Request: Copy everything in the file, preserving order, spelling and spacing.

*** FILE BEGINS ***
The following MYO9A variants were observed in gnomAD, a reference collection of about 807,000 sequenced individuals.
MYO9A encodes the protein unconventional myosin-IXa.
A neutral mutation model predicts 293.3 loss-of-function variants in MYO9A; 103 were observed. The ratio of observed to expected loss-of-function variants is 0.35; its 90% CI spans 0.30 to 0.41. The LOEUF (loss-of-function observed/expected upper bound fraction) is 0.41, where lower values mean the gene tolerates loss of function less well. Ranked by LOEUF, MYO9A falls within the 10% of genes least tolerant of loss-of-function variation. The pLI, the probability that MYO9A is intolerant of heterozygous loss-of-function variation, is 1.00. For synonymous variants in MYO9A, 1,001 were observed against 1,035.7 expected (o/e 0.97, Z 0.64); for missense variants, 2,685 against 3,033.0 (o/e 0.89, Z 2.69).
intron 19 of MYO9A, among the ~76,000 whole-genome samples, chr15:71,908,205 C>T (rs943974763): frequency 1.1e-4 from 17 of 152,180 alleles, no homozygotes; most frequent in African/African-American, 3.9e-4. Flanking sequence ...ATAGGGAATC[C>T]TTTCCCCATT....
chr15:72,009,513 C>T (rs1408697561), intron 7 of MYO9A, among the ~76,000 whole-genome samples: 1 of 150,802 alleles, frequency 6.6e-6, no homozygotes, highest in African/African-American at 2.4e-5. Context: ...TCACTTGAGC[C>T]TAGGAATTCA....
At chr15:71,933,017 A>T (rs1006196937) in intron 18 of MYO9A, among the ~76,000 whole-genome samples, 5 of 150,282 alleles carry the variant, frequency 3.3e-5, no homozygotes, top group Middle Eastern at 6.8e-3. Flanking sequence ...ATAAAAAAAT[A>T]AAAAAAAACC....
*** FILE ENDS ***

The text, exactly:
The following MYO9A variants were observed in gnomAD, a reference collection of about 807,000 sequenced individuals.
MYO9A encodes the protein unconventional myosin-IXa.
A neutral mutation model predicts 293.3 loss-of-function variants in MYO9A; 103 were observed. The ratio of observed to expected loss-of-function variants is 0.35; its 90% CI spans 0.30 to 0.41. The LOEUF (loss-of-function observed/expected upper bound fraction) is 0.41, where lower values mean the gene tolerates loss of function less well. Ranked by LOEUF, MYO9A falls within the 10% of genes least tolerant of loss-of-function variation. The pLI, the probability that MYO9A is intolerant of heterozygous loss-of-function variation, is 1.00. For synonymous variants in MYO9A, 1,001 were observed against 1,035.7 expected (o/e 0.97, Z 0.64); for missense variants, 2,685 against 3,033.0 (o/e 0.89, Z 2.69).
intron 19 of MYO9A, among the ~76,000 whole-genome samples, chr15:71,908,205 C>T (rs943974763): frequency 1.1e-4 from 17 of 152,180 alleles, no homozygotes; most frequent in African/African-American, 3.9e-4. Flanking sequence ...ATAGGGAATC[C>T]TTTCCCCATT....
chr15:72,009,513 C>T (rs1408697561), intron 7 of MYO9A, among the ~76,000 whole-genome samples: 1 of 150,802 alleles, frequency 6.6e-6, no homozygotes, highest in African/African-American at 2.4e-5. Context: ...TCACTTGAGC[C>T]TAGGAATTCA....
At chr15:71,933,017 A>T (rs1006196937) in intron 18 of MYO9A, among the ~76,000 whole-genome samples, 5 of 150,282 alleles carry the variant, frequency 3.3e-5, no homozygotes, top group Middle Eastern at 6.8e-3. Flanking sequence ...ATAAAAAAAT[A>T]AAAAAAAACC....